Ahead of International Day of Education, exhibition encourages young minds to explore careers and vocations in media


       NGO Salaam Bombay Foundation partners with St Xavier’s College to curate unique exhibition titled Education Beyond Books
by Priya Jadhav
Mumbai : On Wednesday, Sayli Jadhav of Bhausaheb Hirey Vidyalaya, and her friends were at the St Xavier’s College Auditorium in Fort rather early. The group, accompanied by their teachers,was all set to attend a special exhibition organised ahead of International Day of Education.
As Sayli and her cronies entered the auditorium, they were pleasantly surprised to see a very unique gate welcoming them. It was shaped like a book and provided a befitting preview of all the exciting things that lay in store for them.
The group was attending the exhibition titled Education Beyond Books curated by NGO Salaam Bombay Foundation in association with the Mass Media Department of St Xavier’s College. The event aimed at motivating young students to explore career options in fields like media that are not only exciting but offer lucrative opportunities as well. This was the first time the NGO joined hands with a prestigious educational institution like St Xavier’s to reach out to young students.
For Sayli and most others like her present on the day, the term ‘media' was familiar, albeit its knowledge limited. They had seen journalists on television and read newspapers. However, they had not considered studying media or pursuing a career in the field themselves. Wednesday’s exhibition changed their perception completely.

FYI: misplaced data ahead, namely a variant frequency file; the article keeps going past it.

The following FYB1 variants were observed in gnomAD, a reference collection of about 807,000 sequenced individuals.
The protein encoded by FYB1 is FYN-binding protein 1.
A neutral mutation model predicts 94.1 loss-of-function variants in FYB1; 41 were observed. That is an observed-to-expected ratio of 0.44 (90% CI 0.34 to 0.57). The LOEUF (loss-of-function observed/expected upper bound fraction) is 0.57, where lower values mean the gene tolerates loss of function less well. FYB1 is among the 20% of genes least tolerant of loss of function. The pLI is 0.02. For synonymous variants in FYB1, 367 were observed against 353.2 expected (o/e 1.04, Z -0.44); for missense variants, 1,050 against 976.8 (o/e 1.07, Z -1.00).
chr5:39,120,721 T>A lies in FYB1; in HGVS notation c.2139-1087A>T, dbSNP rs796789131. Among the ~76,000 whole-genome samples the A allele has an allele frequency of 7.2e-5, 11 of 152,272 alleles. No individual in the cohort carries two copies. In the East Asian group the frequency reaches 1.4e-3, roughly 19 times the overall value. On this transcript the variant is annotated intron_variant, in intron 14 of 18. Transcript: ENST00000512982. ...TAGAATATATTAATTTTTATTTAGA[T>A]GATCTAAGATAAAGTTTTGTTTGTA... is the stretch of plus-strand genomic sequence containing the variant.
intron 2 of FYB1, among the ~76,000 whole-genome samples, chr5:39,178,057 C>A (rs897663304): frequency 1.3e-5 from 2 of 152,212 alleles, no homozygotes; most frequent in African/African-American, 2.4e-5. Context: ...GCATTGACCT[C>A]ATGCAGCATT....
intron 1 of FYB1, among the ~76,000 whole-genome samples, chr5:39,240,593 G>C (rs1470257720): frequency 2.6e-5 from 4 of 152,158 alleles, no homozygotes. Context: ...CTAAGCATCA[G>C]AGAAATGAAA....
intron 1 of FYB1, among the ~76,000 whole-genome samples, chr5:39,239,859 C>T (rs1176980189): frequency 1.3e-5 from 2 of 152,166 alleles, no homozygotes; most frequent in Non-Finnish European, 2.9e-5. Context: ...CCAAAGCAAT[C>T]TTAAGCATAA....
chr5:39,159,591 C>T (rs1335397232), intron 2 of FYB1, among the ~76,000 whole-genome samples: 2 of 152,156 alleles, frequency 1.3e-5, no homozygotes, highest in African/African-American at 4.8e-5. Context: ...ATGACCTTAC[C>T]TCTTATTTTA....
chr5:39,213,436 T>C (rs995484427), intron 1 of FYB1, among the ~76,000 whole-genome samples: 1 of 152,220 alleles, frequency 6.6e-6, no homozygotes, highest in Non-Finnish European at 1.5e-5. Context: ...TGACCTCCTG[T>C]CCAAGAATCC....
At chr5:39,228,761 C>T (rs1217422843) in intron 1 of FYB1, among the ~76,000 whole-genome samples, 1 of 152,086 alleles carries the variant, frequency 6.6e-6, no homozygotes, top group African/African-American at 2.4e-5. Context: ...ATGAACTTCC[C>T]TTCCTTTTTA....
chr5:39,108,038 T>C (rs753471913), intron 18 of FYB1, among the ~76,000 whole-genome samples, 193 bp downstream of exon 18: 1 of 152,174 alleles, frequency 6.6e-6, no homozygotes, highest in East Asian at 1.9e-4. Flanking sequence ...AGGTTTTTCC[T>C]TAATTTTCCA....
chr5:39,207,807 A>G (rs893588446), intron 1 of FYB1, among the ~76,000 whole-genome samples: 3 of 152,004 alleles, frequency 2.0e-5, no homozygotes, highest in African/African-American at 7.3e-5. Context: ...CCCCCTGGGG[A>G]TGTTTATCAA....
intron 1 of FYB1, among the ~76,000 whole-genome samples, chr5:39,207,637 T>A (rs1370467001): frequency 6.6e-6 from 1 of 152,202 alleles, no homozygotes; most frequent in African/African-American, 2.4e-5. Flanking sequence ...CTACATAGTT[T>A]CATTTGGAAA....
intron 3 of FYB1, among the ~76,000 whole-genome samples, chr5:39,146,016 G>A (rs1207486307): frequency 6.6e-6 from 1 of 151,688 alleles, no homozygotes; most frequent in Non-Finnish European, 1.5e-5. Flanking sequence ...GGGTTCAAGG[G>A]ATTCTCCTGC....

Education Beyond Booksfocussed on encouraging students from different strata of the society – those from private educational institutions as well as government schools -- to broaden their horizons towards arenas like media. It aimed to be an interactive learning experience to help them understand and acknowledge the power of media and make informed career choices.
More importantly, Education Beyond Books intended to reach out not just to students but other stakeholders as well -- schools and teachers in particular. It looked at creating awareness among them about the opportunities in media studies and encouraging them to introduce the subject as part of the regular curriculum. Currently, most schools do not have the proper resources or infrastructure to carry out media courses. They also lack access to expert media professionals who can add value to the curriculum. 
Another highlight of the exhibition was the collaboration between students of the Salaam Bombay Media Academy and St. Xavier’s College students who displayed their works together. As many as 80 students from the Salaam Bombay Media Academy and 45 students from St. Xavier’s College managed to bring the world of media alive through installations on print, electronic and digital forms.
The theme of collaboration resonated through various other aspects of the exhibition too. For instance, the event was attended by students from a host of different educational institutions across the city. This meant that students from government schools and those from established private educational institutions got a chance to interact, share ideas and exchange knowledge in turn leading to immense mutual learning.